As a part of the Morning Lazziness series about empowering women who are encouraging and doing incredible things with their ideas in society, I had the pleasure of interviewing Elizabeth Whiting.
Liz is the former Head of Marketing and Creative at Daily High Club and a former equity holder. The company was acquired for 10M, in part for their audience, subscribers, and digital reach that was built.
Liz has worked in content, marketing, and media for emerging market brands for the last 10 years. She has experience growing her own Instagram page to 29.5k followers as well brands she’s worked with from 20k to over 700k followers on various platforms. She currently is the Head of Social Media at Coinbound, the leading Web3 Marketing Agency! I believe she could give incredible insight into Web3 Marketing as well as being a woman in the blockchain space.
Thank you so much for joining us in this interview series! Our readers would love to “get to know you” better. Can you share your “backstory” with us?
My experience encompasses all things marketing and media. Liz got her start during the blogging era. After working on a fashion blog with a friend, she founded and operated a successful local DC music and events blog. That helped her launch her own micro-agency helping local businesses navigate the fast-growing world of social media. She worked with legendary local DC businesses like El Tamarindo to help run their digital and branding. Her work can still be seen today in Adam’s Morgan and National Pupusa Day is a staple event every November in the District.
I went full-time with one of her clients Daily High Club and moved with the company to LA. As with many experiences in start-up life, I led marketing efforts on top of wearing many other hats. Major wins include the massive subscriber growth, fostering a tight-knit community, developing her own product, leading influencer + celebrity partnerships, launching a profitable advertising program, securing Instagram verification, creating an AR bong, and more.
The company was recently acquired for 10M, in part for their audience, subscribers, and digital reach that was built.
Simultaneously, I continued building my personal brand, using my platform to publicly speak about my battle with endometriosis and the use of cannabis over other medication. I was able to blend my love for writing and have been published in SELF, BuzzFeed, Gentleman Toker, and more.
What do you specialize in, and why should someone choose you over your competitors in your field?
I specialize in storytelling, elevating brands, and establishing authority and trust. How I do this has shifted in the ever-changing digital and media landscape we now live in. Like Liam Neeson says, I too have a very particular set of skills, skills I have acquired over a very long career, skills that make me a nightmare for competitors.
Can you share a story about the biggest mistake you made when you were first starting? Can you tell us what lesson you learned from that?
Always ask for more and never sell yourself short.
If you could start a movement that would bring the most amount of wellness to the most amount of people, what would that be?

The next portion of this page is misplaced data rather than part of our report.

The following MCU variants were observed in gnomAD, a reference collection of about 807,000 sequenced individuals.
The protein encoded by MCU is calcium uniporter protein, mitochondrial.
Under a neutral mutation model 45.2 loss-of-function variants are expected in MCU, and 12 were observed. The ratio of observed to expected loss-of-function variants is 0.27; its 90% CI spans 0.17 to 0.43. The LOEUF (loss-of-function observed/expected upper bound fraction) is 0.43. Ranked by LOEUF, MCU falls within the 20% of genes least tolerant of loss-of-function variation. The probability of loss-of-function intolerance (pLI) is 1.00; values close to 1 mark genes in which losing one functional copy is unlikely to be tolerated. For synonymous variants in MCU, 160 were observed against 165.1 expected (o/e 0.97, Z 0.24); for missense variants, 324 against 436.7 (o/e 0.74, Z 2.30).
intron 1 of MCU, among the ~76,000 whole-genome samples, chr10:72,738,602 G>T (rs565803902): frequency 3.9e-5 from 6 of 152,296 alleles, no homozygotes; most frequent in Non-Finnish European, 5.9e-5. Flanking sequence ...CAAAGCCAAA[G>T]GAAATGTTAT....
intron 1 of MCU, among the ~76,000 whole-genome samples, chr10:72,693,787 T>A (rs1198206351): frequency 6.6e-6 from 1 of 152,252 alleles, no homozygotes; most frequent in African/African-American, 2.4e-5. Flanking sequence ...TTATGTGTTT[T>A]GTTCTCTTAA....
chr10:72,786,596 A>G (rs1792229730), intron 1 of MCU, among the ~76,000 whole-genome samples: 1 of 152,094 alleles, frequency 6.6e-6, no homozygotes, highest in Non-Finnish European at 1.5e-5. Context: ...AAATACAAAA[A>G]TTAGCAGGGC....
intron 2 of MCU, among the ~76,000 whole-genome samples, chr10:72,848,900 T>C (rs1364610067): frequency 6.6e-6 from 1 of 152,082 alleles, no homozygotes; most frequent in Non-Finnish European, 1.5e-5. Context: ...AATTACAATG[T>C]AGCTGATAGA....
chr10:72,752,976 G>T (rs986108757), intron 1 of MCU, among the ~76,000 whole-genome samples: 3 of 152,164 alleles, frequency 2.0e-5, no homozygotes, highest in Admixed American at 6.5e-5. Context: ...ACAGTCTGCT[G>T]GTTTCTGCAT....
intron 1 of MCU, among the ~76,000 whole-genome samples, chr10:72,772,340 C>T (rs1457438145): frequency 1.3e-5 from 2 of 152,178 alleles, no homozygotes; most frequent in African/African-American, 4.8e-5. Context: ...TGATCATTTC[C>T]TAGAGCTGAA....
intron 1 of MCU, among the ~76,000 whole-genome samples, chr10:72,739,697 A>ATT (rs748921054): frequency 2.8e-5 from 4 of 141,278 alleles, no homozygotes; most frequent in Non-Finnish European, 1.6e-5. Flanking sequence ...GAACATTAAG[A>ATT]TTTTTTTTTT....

Affordable and accessible healthcare.
Can you help articulate a few things that can be done as individuals, as a society, or by the government, to help overcome those obstacles?
Go to therapy, deal with your greed, kill your ego and bring your best self to any and every interaction. Nothing else matters until people fix the relationships they have with themselves.
This might be intuitive to you as a woman founder but I think it will be helpful to spell this out. Can you share a few reasons why more women should become founders?
Everyone needs and desires representation. It’s hard to ask for things at a table that isn’t set for us. I’ve had to have painful and embarrassing conversations with male leaders about health issues, needs for time off due to medical needs, and period health. I’ve had to fight for healthcare at work for needs outside of what a male would typically need. We need more empathy and understanding in workplaces for male and female or binary or other gender needs. We’re all different. If the table can’t recognize that, then yes, we need to build our own. It’s not male vs female – it’s how can we work together to have an environment that can be safe and sustainable for all. If it’s a woman founder, the same goes – how are you supporting your male worker’s needs as well?
What’s your piece of advice for people who want to quit their 9-5 job and start a business?
Just do it. Plan but have a stopping point or else you’ll stay in “planning” mode forever.
What are your “5 Things I Wish Someone Told Me Before I Started” and why? What would you tell yourself ten to twenty years ago that you wish you knew then?
Trust yourself. Everything around you is made up by someone else just like you. Build it. Write it. Draw it. Whatever the thing is to go do it.
What is the biggest sacrifice you’ve made in starting or running your business?
Relationships and health. No joke. Start-up life is a time and energy succubus. Set boundaries early unless you want to be out of shape and married to your job.
What do you think could be the future of NFT? How useful can they be for everyone?
Autonomous wealth and ownership. They could be the future for anything if you get creative enough. So many people put work out that gets stolen, and resold. None of that goes back to the original creator. This will become less clunky and could replace copyrights, patents, etc down the road.
What is your no-fail go-to when you need inspiration or to get out of a creative rut?
Take a walk. Go somewhere new. Journal. Talk to strangers. Get out of your bubble and change your perspective.
Lastly, what do you think this world needs the most?
Thank you for these fantastic insights. We greatly appreciate the time you spent on this